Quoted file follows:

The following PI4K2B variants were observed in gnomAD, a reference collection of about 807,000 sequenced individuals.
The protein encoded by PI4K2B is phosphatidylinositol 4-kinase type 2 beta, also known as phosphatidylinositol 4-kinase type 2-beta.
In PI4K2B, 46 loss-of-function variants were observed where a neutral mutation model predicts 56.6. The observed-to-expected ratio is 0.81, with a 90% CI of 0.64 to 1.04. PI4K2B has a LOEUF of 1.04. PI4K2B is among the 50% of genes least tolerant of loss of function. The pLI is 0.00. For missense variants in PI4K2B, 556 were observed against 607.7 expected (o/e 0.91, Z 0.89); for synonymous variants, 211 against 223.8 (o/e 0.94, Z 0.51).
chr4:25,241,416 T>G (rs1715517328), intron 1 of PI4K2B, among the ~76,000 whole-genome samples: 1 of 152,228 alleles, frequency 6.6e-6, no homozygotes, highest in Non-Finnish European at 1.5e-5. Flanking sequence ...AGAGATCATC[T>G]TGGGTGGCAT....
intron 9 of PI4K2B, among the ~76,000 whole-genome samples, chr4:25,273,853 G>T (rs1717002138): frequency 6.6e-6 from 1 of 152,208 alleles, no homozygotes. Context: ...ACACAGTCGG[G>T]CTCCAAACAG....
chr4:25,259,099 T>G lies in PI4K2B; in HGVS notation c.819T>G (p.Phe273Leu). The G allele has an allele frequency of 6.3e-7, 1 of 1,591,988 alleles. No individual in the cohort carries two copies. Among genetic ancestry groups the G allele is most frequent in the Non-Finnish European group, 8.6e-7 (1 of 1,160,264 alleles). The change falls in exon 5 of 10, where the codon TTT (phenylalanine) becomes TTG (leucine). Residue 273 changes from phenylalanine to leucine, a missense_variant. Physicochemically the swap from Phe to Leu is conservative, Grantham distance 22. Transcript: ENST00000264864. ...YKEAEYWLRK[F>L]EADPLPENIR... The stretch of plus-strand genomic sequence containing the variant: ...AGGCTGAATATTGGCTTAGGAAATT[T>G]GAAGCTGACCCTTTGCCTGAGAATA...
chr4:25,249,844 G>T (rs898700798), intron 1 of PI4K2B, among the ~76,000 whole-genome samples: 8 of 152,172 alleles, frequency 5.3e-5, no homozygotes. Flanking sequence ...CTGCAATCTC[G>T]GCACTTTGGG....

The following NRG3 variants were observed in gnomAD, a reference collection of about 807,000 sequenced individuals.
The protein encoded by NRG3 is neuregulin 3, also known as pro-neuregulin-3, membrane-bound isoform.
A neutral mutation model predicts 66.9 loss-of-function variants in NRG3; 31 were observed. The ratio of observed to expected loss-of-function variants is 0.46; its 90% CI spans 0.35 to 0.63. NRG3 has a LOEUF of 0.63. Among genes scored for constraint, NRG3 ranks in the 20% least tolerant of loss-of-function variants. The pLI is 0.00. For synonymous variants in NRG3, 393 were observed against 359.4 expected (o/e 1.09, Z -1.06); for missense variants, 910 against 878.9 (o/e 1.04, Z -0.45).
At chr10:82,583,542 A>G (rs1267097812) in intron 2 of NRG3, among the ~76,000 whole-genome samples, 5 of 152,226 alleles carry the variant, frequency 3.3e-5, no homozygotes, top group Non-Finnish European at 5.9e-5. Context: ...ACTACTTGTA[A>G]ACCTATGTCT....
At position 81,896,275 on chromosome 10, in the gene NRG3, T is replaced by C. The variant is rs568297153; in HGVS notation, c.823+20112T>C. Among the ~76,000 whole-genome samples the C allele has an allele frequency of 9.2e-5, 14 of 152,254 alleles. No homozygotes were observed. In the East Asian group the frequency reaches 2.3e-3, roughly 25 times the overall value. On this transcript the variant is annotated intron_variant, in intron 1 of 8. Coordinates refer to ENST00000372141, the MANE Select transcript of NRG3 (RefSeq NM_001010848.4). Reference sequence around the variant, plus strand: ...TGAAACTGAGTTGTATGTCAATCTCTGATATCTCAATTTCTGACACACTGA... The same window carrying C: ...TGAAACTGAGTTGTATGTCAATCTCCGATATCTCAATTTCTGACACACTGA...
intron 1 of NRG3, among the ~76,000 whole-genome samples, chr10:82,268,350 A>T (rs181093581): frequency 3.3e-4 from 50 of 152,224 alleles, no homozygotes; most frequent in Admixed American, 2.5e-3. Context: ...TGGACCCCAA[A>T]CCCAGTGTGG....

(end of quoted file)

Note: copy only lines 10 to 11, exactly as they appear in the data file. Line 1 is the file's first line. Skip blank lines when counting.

A neutral mutation model predicts 66.9 loss-of-function variants in NRG3; 31 were observed. The ratio of observed to expected loss-of-function variants is 0.46; its 90% CI spans 0.35 to 0.63. NRG3 has a LOEUF of 0.63. Among genes scored for constraint, NRG3 ranks in the 20% least tolerant of loss-of-function variants. The pLI is 0.00. For synonymous variants in NRG3, 393 were observed against 359.4 expected (o/e 1.09, Z -1.06); for missense variants, 910 against 878.9 (o/e 1.04, Z -0.45).
At chr10:82,583,542 A>G (rs1267097812) in intron 2 of NRG3, among the ~76,000 whole-genome samples, 5 of 152,226 alleles carry the variant, frequency 3.3e-5, no homozygotes, top group Non-Finnish European at 5.9e-5. Context: ...ACTACTTGTA[A>G]ACCTATGTCT....